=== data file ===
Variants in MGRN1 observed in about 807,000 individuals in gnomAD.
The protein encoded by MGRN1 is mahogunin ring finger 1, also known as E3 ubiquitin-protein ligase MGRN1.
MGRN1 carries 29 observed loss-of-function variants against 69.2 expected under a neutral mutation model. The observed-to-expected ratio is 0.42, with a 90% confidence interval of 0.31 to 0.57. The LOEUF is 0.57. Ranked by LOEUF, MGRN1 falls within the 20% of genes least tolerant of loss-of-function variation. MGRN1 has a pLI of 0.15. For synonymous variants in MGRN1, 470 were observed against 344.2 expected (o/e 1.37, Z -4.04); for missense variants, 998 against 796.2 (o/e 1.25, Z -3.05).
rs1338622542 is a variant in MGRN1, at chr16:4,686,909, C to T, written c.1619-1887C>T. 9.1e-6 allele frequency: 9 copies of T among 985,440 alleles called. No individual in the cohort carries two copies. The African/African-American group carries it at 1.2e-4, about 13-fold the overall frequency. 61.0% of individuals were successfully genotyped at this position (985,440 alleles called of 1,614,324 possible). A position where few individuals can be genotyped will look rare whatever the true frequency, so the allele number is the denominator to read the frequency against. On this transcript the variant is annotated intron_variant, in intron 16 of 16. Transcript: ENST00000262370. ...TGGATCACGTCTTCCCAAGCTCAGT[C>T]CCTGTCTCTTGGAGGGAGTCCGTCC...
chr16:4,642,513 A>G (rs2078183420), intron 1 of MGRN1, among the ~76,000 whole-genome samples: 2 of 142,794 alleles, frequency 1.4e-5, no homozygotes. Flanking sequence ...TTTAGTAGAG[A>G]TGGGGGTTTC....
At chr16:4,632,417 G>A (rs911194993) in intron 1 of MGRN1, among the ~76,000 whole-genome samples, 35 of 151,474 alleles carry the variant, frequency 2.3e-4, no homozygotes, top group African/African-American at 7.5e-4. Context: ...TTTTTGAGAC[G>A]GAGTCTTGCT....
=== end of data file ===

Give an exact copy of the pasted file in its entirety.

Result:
Variants in MGRN1 observed in about 807,000 individuals in gnomAD.
The protein encoded by MGRN1 is mahogunin ring finger 1, also known as E3 ubiquitin-protein ligase MGRN1.
MGRN1 carries 29 observed loss-of-function variants against 69.2 expected under a neutral mutation model. The observed-to-expected ratio is 0.42, with a 90% confidence interval of 0.31 to 0.57. The LOEUF is 0.57. Ranked by LOEUF, MGRN1 falls within the 20% of genes least tolerant of loss-of-function variation. MGRN1 has a pLI of 0.15. For synonymous variants in MGRN1, 470 were observed against 344.2 expected (o/e 1.37, Z -4.04); for missense variants, 998 against 796.2 (o/e 1.25, Z -3.05).
rs1338622542 is a variant in MGRN1, at chr16:4,686,909, C to T, written c.1619-1887C>T. 9.1e-6 allele frequency: 9 copies of T among 985,440 alleles called. No individual in the cohort carries two copies. The African/African-American group carries it at 1.2e-4, about 13-fold the overall frequency. 61.0% of individuals were successfully genotyped at this position (985,440 alleles called of 1,614,324 possible). A position where few individuals can be genotyped will look rare whatever the true frequency, so the allele number is the denominator to read the frequency against. On this transcript the variant is annotated intron_variant, in intron 16 of 16. Transcript: ENST00000262370. ...TGGATCACGTCTTCCCAAGCTCAGT[C>T]CCTGTCTCTTGGAGGGAGTCCGTCC...
chr16:4,642,513 A>G (rs2078183420), intron 1 of MGRN1, among the ~76,000 whole-genome samples: 2 of 142,794 alleles, frequency 1.4e-5, no homozygotes. Flanking sequence ...TTTAGTAGAG[A>G]TGGGGGTTTC....
At chr16:4,632,417 G>A (rs911194993) in intron 1 of MGRN1, among the ~76,000 whole-genome samples, 35 of 151,474 alleles carry the variant, frequency 2.3e-4, no homozygotes, top group African/African-American at 7.5e-4. Context: ...TTTTTGAGAC[G>A]GAGTCTTGCT....